It’s not like we don’t have photos in frames all over the house. We have tons of them. All happy, smiling faces of our family at different points in our lives—soon after J. was born, at the beach, us beaming and her peering out from her Baby Bjorn with an expression both concerned and nearsighted. A posed family Christmas photo when J. was about 6 and S. was a toddler, where only I noticed the slight yellowish bruise on her cheek from the latest episode of S.’s “enthusiastically throwing board books” phase. In front of the Eiffel Tower, the week after Princess Diana died, long before we had any idea how full and chaotic the next 20 years would be.

I kind of felt like, “been there, done that” in the hanging photos department. But the stairway wall was bare, and needed something. So up went the photo frame, and there it sat. Somehow filling it with more of the same types of photos didn’t seem right. This frame should have its own special type of photos.

But what?

Recently I was transferring photos from an old hard drive to my laptop, and it struck me: The photos that I found most poignant were the ones taken from the back. Photos that spoke to me not through the expressions on the subjects’ faces, but their poses, their posture, their surroundings. The photos where no one felt obligated to create a “hey we’re having fun” face, but were simply going about their business, thinking who knows what.

Here’s one of my favorites: A perfect late spring day, after coming home from a joint birthday party for both kids. He was three, she was seven. We had to explain to S. what a pinwheel was, but he was fascinated. He didn’t let go of that pinwheel the rest of the afternoon. Here he’s taking a breather and watching the rest of the kids running and doing cartwheels in the yard. Who knows what was going through his head? Not knowing, I’m free to make up stories about what could have been happening in the photo.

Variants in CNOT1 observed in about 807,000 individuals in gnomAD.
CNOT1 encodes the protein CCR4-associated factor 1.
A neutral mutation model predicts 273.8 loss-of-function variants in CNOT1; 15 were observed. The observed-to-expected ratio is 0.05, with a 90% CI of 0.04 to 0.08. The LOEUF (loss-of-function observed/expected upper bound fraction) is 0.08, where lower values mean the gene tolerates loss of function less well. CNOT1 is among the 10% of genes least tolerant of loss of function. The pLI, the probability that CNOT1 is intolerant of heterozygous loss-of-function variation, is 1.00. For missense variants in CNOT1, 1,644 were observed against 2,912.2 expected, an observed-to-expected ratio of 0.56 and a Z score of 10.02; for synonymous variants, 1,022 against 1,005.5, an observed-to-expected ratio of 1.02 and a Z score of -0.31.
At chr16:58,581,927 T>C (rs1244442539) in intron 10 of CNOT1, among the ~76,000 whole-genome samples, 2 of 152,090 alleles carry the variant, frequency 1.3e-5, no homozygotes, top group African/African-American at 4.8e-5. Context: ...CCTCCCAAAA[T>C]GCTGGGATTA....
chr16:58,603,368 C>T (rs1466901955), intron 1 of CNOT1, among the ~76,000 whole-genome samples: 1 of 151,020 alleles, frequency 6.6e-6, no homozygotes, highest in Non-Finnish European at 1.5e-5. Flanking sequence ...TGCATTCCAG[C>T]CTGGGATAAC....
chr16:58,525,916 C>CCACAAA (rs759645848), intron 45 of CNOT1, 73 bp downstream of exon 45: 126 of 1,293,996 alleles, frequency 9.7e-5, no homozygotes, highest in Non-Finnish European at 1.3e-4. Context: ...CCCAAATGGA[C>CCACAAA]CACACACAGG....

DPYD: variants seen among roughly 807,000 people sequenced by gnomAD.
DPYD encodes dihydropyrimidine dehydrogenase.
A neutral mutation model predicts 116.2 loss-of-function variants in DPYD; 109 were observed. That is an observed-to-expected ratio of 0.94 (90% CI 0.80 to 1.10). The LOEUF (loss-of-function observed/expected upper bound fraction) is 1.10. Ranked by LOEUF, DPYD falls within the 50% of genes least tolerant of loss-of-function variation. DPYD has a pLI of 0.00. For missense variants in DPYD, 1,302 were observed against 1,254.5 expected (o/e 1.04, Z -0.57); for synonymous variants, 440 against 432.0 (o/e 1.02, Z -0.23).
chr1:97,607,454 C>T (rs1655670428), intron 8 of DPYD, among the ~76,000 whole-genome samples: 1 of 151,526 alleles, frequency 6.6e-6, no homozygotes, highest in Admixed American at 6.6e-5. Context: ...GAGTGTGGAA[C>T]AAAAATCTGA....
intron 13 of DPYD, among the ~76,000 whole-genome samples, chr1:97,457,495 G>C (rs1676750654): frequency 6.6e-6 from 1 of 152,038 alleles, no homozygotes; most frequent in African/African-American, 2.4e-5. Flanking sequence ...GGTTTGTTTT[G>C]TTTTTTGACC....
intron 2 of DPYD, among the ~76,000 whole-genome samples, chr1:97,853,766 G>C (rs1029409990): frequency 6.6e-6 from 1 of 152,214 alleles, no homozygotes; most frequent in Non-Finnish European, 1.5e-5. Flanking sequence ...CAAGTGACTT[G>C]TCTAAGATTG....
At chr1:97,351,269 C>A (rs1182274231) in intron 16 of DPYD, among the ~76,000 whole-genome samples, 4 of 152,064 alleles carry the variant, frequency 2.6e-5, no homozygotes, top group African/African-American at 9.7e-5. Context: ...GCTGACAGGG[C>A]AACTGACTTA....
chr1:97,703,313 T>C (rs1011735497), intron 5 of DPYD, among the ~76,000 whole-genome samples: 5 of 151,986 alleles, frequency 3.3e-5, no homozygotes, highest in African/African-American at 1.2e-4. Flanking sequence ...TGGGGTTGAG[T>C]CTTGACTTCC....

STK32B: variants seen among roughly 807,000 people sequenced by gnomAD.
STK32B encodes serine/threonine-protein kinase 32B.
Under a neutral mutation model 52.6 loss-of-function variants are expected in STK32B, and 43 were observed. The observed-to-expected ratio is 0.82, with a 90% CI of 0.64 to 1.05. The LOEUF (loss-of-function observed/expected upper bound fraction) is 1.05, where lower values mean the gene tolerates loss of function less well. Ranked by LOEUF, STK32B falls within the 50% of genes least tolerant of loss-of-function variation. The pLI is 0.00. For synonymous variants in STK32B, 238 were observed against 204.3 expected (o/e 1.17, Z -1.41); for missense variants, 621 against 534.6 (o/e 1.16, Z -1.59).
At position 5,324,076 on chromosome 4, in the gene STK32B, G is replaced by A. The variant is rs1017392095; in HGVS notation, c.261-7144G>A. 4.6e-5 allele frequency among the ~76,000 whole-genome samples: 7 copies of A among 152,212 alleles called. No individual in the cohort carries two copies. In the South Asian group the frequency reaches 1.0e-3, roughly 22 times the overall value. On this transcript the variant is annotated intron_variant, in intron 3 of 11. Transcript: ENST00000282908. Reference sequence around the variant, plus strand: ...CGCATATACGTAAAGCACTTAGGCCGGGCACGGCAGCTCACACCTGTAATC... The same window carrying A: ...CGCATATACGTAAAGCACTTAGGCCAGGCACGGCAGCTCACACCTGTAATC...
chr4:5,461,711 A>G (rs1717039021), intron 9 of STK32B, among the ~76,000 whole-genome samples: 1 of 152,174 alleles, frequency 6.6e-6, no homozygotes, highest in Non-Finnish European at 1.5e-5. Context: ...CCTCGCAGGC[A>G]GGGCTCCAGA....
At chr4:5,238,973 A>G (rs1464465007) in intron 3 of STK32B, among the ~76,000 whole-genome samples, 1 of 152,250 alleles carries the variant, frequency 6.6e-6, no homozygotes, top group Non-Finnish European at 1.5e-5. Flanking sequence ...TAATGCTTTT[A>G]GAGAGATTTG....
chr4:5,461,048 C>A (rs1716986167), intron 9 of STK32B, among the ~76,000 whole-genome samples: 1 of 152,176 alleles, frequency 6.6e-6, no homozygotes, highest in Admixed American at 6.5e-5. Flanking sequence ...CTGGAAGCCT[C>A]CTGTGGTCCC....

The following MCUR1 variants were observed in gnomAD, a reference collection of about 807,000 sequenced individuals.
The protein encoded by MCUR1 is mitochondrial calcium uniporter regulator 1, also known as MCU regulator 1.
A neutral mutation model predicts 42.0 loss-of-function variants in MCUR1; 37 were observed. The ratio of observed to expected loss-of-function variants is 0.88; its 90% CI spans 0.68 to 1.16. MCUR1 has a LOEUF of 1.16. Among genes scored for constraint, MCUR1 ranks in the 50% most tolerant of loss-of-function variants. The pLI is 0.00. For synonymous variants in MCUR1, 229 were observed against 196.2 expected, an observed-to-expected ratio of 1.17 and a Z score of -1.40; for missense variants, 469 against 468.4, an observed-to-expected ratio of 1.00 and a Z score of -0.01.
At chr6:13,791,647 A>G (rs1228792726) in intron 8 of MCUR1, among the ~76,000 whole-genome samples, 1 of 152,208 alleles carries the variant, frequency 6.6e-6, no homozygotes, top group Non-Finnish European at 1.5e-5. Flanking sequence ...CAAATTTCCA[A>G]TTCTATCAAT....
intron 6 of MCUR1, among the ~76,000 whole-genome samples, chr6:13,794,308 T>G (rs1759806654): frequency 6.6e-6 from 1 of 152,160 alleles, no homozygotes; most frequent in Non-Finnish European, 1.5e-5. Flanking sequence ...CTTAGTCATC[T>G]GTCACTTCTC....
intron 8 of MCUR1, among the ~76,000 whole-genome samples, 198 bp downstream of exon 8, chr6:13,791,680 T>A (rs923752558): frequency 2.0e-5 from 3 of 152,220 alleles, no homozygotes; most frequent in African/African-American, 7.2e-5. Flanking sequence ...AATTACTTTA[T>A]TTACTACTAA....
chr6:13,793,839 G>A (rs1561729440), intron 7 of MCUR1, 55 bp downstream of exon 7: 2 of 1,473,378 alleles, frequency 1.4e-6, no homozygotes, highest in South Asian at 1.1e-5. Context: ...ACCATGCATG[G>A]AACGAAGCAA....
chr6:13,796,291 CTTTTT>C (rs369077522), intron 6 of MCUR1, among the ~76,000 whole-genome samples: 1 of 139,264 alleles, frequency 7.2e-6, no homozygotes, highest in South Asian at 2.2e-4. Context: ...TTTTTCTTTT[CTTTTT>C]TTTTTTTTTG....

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Here’s another one–walking to our first ride on the Tower of Terror (and many more to come):

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And there are more:

Even though I know the back story (sorry, pun really wasn’t intended but I like it so I’m keeping it) for all these photos—after all, I was always the photographer—it makes me happy to think that they could have been telling any number of stories. I can make up new ones to match them if I want. There are no faces or expressions to prove me wrong.

Which reminds me of something I sometimes think about: What are the stories of the people who randomly appear in your family photos? What were they doing at that moment? I know what we were doing, but their narrative was completely different that day. And come to think of it, wouldn’t it be cool to be able to locate all the family photos that YOU have randomly appeared in? Those photos alone could tell the entire story of your life, in no particular order.

But that’s a whole separate line of musing that I’ll get into later.

J. and I finally took that empty photo frame off the wall and filled it with a crooked collage of our favorite photos. It took some wrestling (“Aw man, now there’s a HAIR between the two pieces of glass! Ok, take it apart again.”), but now it accurately represents us: Not perfect, a little askew, slightly messy, memories overlapping, mostly happy.